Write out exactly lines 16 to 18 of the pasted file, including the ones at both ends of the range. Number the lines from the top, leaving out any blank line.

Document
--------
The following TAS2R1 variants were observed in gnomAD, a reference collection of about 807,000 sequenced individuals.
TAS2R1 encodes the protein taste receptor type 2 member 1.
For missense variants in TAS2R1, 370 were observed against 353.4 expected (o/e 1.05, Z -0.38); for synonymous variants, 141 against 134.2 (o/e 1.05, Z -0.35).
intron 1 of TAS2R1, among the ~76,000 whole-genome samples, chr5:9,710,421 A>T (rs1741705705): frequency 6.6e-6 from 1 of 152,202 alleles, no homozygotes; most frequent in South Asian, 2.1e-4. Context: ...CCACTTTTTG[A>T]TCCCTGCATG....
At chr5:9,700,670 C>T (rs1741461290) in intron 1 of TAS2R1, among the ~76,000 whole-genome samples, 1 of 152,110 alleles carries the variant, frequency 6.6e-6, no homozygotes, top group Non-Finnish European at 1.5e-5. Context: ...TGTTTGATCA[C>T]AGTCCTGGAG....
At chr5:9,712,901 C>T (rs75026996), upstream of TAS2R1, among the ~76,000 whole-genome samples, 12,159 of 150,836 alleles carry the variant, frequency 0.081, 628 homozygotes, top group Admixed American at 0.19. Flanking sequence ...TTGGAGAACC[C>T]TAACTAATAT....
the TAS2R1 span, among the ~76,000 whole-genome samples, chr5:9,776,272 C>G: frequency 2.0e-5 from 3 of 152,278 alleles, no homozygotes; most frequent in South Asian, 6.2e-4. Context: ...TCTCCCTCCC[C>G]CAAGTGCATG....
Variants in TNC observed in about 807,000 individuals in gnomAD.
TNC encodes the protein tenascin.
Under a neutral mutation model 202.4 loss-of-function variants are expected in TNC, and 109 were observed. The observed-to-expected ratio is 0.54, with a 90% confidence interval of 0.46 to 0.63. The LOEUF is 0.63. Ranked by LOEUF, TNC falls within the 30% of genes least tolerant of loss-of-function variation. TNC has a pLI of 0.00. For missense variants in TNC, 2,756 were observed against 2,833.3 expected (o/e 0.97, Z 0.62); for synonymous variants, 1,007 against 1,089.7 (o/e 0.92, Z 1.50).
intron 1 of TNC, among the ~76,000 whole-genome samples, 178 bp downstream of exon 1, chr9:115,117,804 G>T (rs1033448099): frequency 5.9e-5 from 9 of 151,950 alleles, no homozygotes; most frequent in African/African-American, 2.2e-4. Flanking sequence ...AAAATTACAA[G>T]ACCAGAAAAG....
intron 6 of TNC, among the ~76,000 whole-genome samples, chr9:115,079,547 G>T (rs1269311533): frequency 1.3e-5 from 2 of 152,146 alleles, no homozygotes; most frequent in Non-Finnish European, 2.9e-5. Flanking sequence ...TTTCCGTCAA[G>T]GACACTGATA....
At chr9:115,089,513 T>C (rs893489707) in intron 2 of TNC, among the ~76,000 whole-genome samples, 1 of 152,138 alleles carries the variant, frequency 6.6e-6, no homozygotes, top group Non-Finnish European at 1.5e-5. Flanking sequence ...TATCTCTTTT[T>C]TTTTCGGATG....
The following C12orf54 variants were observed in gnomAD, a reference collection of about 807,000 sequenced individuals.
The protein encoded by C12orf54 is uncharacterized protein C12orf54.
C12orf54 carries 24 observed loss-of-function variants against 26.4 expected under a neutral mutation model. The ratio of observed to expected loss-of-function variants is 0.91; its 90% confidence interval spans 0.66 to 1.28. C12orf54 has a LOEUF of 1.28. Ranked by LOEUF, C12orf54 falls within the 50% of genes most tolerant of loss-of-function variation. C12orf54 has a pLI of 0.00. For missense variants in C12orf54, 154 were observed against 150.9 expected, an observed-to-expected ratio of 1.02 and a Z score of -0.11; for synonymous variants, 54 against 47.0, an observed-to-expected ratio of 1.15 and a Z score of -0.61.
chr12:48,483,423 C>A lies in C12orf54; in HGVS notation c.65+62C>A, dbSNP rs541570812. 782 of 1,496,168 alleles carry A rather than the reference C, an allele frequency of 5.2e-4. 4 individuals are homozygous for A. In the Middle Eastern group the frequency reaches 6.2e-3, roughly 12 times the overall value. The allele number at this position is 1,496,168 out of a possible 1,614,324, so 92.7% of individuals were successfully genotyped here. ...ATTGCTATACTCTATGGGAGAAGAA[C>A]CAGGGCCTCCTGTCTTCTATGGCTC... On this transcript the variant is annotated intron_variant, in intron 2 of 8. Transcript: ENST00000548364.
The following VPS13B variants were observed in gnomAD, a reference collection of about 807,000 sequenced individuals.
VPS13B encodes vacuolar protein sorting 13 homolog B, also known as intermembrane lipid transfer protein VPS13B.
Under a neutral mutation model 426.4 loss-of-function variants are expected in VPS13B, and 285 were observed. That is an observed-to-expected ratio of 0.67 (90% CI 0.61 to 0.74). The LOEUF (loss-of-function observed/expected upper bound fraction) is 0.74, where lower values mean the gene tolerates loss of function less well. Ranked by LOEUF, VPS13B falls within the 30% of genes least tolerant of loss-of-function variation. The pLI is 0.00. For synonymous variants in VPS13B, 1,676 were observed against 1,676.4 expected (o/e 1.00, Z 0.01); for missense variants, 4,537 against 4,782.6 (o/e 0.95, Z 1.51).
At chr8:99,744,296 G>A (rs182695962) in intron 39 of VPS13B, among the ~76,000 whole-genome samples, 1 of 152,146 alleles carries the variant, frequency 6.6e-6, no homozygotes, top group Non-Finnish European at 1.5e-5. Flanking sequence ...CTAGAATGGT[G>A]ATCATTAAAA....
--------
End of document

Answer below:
C12orf54 carries 24 observed loss-of-function variants against 26.4 expected under a neutral mutation model. The ratio of observed to expected loss-of-function variants is 0.91; its 90% confidence interval spans 0.66 to 1.28. C12orf54 has a LOEUF of 1.28. Ranked by LOEUF, C12orf54 falls within the 50% of genes most tolerant of loss-of-function variation. C12orf54 has a pLI of 0.00. For missense variants in C12orf54, 154 were observed against 150.9 expected, an observed-to-expected ratio of 1.02 and a Z score of -0.11; for synonymous variants, 54 against 47.0, an observed-to-expected ratio of 1.15 and a Z score of -0.61.
chr12:48,483,423 C>A lies in C12orf54; in HGVS notation c.65+62C>A, dbSNP rs541570812. 782 of 1,496,168 alleles carry A rather than the reference C, an allele frequency of 5.2e-4. 4 individuals are homozygous for A. In the Middle Eastern group the frequency reaches 6.2e-3, roughly 12 times the overall value. The allele number at this position is 1,496,168 out of a possible 1,614,324, so 92.7% of individuals were successfully genotyped here. ...ATTGCTATACTCTATGGGAGAAGAA[C>A]CAGGGCCTCCTGTCTTCTATGGCTC... On this transcript the variant is annotated intron_variant, in intron 2 of 8. Transcript: ENST00000548364.
The following VPS13B variants were observed in gnomAD, a reference collection of about 807,000 sequenced individuals.